This waterline repair project at Rocky Mountain National Park’s visitor center was completed this year, but the National Park Service still has a maintenance backlog totaling nearly $12 billion (NPS 2015 data).
© The Pew Charitable Trusts
It’s a safe bet that most Americans aren’t aware that this is Infrastructure Week 2017. But many people are acutely conscious of the need to repair and update our country’s roads, bridges, tunnels, and other public structures.
That need extends to our National Park System, which has a backlog of repairs approaching $12 billion and must be part of the infrastructure conversation.
The National Park Service (NPS) is turning 101 this year, and at many of the agency’s 400-plus sites that age is showing. From roads, bridges, and restrooms to trails, historical houses, and sewage and electrical systems, the infrastructure in too many parks is broken, deteriorating, or out of date.
Visitors deserve safe, working facilities that provide access to the recreational and historical resources within our parks. In 2016, the NPS welcomed a record 331 million visitors, some of whom encountered closed historical buildings and trails, potholes, outdated campgrounds and visitor centers, and out-of-service restrooms.
As the administration and Congress discuss a national infrastructure proposal, it’s critical that they recognize and act on the need to invest in the restoration of our national parks. This makes sense for the preservation of our nation’s history, the vitality of local communities that depend on park tourism, and the creation of jobs. Here are some specific projects at our national parks that could benefit.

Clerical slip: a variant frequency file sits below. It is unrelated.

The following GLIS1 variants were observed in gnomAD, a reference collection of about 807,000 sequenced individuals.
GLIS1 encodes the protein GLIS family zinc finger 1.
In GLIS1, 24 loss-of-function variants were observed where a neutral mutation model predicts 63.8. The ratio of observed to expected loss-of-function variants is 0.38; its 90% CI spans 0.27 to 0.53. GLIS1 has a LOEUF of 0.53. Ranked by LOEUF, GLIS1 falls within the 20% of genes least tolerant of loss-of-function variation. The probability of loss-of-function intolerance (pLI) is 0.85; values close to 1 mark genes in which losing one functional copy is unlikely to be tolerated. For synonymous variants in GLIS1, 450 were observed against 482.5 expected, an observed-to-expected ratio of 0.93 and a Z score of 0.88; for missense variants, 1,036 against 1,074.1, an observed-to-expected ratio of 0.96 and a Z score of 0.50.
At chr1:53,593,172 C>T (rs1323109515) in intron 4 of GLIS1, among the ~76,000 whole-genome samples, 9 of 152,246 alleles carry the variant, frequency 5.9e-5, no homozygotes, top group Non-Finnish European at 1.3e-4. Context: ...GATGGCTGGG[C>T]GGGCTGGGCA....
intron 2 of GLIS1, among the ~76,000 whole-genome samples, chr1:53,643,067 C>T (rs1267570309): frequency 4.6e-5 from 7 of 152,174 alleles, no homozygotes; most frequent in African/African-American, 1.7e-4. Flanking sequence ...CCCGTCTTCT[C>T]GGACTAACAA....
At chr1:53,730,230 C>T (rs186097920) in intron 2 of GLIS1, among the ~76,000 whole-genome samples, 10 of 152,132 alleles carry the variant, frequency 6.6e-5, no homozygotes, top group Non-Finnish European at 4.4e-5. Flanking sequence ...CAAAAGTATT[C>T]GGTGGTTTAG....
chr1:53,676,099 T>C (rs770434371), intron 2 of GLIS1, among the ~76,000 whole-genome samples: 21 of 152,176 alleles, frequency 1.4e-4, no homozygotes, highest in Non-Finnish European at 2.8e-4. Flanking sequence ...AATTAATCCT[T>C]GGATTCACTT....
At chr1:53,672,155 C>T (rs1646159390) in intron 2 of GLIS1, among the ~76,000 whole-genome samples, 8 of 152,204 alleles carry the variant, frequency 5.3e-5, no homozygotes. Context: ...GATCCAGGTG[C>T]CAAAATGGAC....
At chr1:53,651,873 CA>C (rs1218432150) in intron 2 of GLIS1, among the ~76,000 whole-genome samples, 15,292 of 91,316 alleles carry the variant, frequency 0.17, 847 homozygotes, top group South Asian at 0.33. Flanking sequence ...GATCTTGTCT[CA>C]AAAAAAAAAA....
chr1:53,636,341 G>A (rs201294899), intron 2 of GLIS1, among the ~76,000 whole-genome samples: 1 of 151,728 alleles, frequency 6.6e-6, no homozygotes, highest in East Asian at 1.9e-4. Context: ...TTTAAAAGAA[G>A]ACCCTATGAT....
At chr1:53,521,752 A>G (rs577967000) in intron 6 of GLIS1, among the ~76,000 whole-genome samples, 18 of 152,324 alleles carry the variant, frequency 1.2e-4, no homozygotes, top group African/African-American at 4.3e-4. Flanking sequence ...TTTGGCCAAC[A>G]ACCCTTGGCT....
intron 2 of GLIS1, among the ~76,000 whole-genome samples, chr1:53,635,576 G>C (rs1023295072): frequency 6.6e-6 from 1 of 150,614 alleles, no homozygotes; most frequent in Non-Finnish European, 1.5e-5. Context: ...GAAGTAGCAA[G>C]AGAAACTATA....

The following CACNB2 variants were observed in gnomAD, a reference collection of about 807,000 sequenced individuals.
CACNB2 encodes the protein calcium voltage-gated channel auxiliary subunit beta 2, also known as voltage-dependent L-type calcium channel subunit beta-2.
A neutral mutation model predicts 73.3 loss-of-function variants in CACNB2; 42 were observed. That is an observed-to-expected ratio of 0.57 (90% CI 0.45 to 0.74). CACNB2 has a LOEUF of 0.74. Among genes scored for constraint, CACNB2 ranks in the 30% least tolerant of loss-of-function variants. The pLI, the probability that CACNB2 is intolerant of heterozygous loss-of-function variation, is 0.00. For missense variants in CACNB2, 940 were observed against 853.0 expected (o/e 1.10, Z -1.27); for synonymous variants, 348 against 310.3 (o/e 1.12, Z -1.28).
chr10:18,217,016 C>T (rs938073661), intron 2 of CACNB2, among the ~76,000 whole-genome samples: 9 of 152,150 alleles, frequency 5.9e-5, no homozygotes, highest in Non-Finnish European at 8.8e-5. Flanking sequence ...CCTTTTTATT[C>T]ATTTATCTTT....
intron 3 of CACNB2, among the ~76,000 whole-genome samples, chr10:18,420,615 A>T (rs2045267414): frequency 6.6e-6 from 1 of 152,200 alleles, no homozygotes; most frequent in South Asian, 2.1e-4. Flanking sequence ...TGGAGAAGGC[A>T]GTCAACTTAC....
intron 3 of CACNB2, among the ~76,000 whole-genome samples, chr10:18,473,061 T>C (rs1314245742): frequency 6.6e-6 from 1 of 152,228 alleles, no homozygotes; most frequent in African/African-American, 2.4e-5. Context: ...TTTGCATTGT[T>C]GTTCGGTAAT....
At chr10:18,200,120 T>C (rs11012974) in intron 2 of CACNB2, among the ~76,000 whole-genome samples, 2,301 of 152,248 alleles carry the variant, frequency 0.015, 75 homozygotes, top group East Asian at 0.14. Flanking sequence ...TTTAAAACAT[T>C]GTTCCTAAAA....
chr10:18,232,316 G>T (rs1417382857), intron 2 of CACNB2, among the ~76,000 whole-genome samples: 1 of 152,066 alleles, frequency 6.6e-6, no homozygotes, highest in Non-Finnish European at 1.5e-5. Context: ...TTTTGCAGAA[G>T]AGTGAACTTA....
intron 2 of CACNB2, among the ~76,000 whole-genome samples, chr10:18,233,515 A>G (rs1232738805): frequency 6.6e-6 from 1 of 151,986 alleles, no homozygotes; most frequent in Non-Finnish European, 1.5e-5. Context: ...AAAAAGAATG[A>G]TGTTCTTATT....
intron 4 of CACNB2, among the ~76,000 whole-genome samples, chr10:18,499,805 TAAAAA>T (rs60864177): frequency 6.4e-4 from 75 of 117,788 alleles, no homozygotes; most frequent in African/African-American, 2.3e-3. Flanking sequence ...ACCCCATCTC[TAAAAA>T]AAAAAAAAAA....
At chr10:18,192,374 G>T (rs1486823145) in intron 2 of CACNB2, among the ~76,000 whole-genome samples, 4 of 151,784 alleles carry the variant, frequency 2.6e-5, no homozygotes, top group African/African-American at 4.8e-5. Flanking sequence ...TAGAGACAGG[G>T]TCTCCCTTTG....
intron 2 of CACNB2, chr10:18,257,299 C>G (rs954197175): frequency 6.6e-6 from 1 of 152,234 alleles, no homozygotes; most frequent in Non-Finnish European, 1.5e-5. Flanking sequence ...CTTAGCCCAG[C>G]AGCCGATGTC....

Great Basin National Park, Nevada
$17 million in deferred maintenance
The fix-it list at Nevada’s Great Basin National Park totals $17 million, including repairs and updates to Lehman Caves Visitor Center’s fire alarm and audiovisual, water, and electrical systems. Paved roads and parking lots at the park account for more than $8 million of the backlogged repairs.
© National Park Service
Theodore Roosevelt Birthplace National Historic Site, New York
$6.4 million in deferred maintenance
The outside of Teddy Roosevelt’s boyhood home is grand, but inside a multimillion-dollar heating, ventilation, and air conditioning system is among its many deferred maintenance issues. The home needs a modern and functioning climate-control system to protect the many historical artifacts. Also in need of updating is the property’s cloth-insulated electrical wiring, which poses a fire hazard.© The Pew Charitable Trusts
Sleeping Bear Dunes National Park, Michigan
$20 million in deferred maintenance
Sweeping vistas and scenic shorelines draw visitors to Sleeping Bear Dunes National Park, but once they arrive many people find areas requiring attention. These include ferry docks—in Leland and on South Manitou Island—that need $350,000 in repairs and campgrounds with deferred maintenance issues totaling another $2 million. Worn roads in the park require $5 million in overdue maintenance.
Grand Canyon National Park, Arizona
$372 million in deferred maintenance
The Grand Canyon Transcanyon Pipeline, which moves drinking water from the north rim to the south rim of the vast national park, faces costly and complicated repairs each year. Updating the aging, 16-mile aluminum pipeline will cost more than $150 million due to the difficulty of reaching certain sections. In some cases, technicians must repel from helicopters to fix a stretch of the worn or breeched pipe.
© National Park Service
So, while you probably don’t have any celebrations planned for Infrastructure Week, take a moment to ask your elected officials to #FixOurParks. The investment will help ensure the preservation of our country’s natural, cultural, and historical heritage for generations to come.
Marcia Argust directs The Pew Charitable Trusts’ campaign to restore America’s parks.